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Ethology pendant on a bed of sand

How can chewing help my child?

When we can see that our children are becoming overwhelmed, it can be a sign that the nervous system is in flux with sensory input which their brains cannot easily organise. If we think about when we ourselves are anxious or stressed, we can observe that we may chew on our fingernails, gum, or pen top. Although these activities may seem benign, there is a reason why we do this. That is because these actions engage part of the sensory feedback system known as proprioception. Proprioceptive input has a calming effect on the nervous system because it decreases how we respond to other sensory input by helping organise these inputs within the brain.

 

But how do we get proprioceptive input? The proprioceptive system is activated through nerves in our muscles and joints and gives us an understanding of where our limbs are and how they are moving. When we engage in “heavy work”, activities that use our joints and muscles, such as running, jumping, pulling, or lifting, we activate our proprioceptive system.

 

The challenge of course is that it is not always appropriate to be running or jumping in order to achieve the required proprioceptive feedback. This, therefore, is why activities which engage the mouth and jaw are so great for calming the nervous system. The mouth is the most sensitive part of the body, containing forty percent of the body’s sensory nerves alongside muscles, joints, and tendons which support the jaw, meaning it can be used to achieve proprioceptive input that is both discreet and effective for self-regulation.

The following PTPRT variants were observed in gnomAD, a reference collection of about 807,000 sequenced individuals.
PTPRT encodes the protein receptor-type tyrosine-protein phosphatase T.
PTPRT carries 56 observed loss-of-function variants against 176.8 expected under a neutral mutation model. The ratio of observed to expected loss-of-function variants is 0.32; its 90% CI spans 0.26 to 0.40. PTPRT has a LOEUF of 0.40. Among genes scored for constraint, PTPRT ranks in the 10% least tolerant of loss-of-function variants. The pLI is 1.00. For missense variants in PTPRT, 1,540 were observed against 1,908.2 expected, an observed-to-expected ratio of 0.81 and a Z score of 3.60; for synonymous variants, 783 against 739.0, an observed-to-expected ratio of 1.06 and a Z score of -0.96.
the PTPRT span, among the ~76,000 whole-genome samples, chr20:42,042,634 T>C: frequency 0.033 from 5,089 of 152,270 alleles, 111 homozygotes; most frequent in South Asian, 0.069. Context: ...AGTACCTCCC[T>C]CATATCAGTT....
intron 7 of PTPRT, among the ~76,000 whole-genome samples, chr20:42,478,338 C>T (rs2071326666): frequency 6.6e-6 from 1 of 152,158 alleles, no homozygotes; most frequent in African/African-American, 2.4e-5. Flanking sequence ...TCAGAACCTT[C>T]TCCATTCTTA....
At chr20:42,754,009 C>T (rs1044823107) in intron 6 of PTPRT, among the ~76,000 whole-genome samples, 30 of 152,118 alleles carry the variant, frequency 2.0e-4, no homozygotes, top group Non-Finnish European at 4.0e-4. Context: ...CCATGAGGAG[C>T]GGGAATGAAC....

We want to advocate for children to be stewards of their own sensory and emotional regulation. We are not trying to dissuade from chewing behaviours, because we recognise that children need this at times and should be encouraged to help meet their needs independently and safely.

 

However, if you are concerned about your child’s development or sensory needs, we highly recommend seeking a paediatric occupational therapist for further input and advice. These highly trained professionals are adept in recognising sensory processing disorders and their input can be life-changing for children and their families.

Harry smiling while chewing ethology pendant
Harry chewing and pulling ethology pendant
Harry biting on the Ethology pendant

What is Proprioception?

Do you have a child with additional needs? Are you interested in understanding how using our sense of proprioception can help emotional regulation when your child seems overwhelmed? This video can explain how!

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